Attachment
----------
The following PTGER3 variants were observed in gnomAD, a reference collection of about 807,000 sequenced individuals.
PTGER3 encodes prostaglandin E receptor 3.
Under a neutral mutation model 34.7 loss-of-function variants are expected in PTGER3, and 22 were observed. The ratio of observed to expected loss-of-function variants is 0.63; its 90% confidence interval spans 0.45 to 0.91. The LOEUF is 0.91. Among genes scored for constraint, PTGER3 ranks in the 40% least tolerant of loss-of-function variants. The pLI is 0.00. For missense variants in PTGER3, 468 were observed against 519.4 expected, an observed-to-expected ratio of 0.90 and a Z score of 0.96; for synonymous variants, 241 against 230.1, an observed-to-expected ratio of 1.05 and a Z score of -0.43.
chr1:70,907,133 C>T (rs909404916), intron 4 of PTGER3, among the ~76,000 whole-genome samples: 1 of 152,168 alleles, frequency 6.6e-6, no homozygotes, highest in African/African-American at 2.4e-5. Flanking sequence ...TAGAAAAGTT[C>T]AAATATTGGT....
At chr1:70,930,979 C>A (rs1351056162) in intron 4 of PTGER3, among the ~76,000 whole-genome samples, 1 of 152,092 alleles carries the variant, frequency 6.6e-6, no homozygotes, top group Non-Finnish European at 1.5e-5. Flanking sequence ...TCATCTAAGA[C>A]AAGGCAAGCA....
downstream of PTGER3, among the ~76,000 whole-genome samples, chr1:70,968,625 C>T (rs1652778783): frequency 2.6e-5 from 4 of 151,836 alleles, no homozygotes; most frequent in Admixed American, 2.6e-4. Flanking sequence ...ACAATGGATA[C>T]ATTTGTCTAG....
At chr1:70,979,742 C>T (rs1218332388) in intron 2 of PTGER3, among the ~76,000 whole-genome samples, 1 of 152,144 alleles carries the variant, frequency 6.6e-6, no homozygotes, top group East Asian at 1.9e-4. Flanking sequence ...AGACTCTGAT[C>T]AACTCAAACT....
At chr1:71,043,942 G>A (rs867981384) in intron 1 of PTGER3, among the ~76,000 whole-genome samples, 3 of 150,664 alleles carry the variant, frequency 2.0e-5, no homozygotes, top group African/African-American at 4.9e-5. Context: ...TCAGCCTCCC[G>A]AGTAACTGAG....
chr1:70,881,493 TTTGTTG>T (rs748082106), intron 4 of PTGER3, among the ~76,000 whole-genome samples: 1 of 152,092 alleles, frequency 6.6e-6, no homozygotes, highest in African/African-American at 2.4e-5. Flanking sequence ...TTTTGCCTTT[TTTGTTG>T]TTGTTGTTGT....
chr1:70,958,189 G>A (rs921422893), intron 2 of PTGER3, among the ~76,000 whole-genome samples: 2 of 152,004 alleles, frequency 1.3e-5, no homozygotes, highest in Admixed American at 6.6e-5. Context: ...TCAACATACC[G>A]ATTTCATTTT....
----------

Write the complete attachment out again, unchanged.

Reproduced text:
The following PTGER3 variants were observed in gnomAD, a reference collection of about 807,000 sequenced individuals.
PTGER3 encodes prostaglandin E receptor 3.
Under a neutral mutation model 34.7 loss-of-function variants are expected in PTGER3, and 22 were observed. The ratio of observed to expected loss-of-function variants is 0.63; its 90% confidence interval spans 0.45 to 0.91. The LOEUF is 0.91. Among genes scored for constraint, PTGER3 ranks in the 40% least tolerant of loss-of-function variants. The pLI is 0.00. For missense variants in PTGER3, 468 were observed against 519.4 expected, an observed-to-expected ratio of 0.90 and a Z score of 0.96; for synonymous variants, 241 against 230.1, an observed-to-expected ratio of 1.05 and a Z score of -0.43.
chr1:70,907,133 C>T (rs909404916), intron 4 of PTGER3, among the ~76,000 whole-genome samples: 1 of 152,168 alleles, frequency 6.6e-6, no homozygotes, highest in African/African-American at 2.4e-5. Flanking sequence ...TAGAAAAGTT[C>T]AAATATTGGT....
At chr1:70,930,979 C>A (rs1351056162) in intron 4 of PTGER3, among the ~76,000 whole-genome samples, 1 of 152,092 alleles carries the variant, frequency 6.6e-6, no homozygotes, top group Non-Finnish European at 1.5e-5. Flanking sequence ...TCATCTAAGA[C>A]AAGGCAAGCA....
downstream of PTGER3, among the ~76,000 whole-genome samples, chr1:70,968,625 C>T (rs1652778783): frequency 2.6e-5 from 4 of 151,836 alleles, no homozygotes; most frequent in Admixed American, 2.6e-4. Flanking sequence ...ACAATGGATA[C>T]ATTTGTCTAG....
At chr1:70,979,742 C>T (rs1218332388) in intron 2 of PTGER3, among the ~76,000 whole-genome samples, 1 of 152,144 alleles carries the variant, frequency 6.6e-6, no homozygotes, top group East Asian at 1.9e-4. Flanking sequence ...AGACTCTGAT[C>T]AACTCAAACT....
At chr1:71,043,942 G>A (rs867981384) in intron 1 of PTGER3, among the ~76,000 whole-genome samples, 3 of 150,664 alleles carry the variant, frequency 2.0e-5, no homozygotes, top group African/African-American at 4.9e-5. Context: ...TCAGCCTCCC[G>A]AGTAACTGAG....
chr1:70,881,493 TTTGTTG>T (rs748082106), intron 4 of PTGER3, among the ~76,000 whole-genome samples: 1 of 152,092 alleles, frequency 6.6e-6, no homozygotes, highest in African/African-American at 2.4e-5. Flanking sequence ...TTTTGCCTTT[TTTGTTG>T]TTGTTGTTGT....
chr1:70,958,189 G>A (rs921422893), intron 2 of PTGER3, among the ~76,000 whole-genome samples: 2 of 152,004 alleles, frequency 1.3e-5, no homozygotes, highest in Admixed American at 6.6e-5. Context: ...TCAACATACC[G>A]ATTTCATTTT....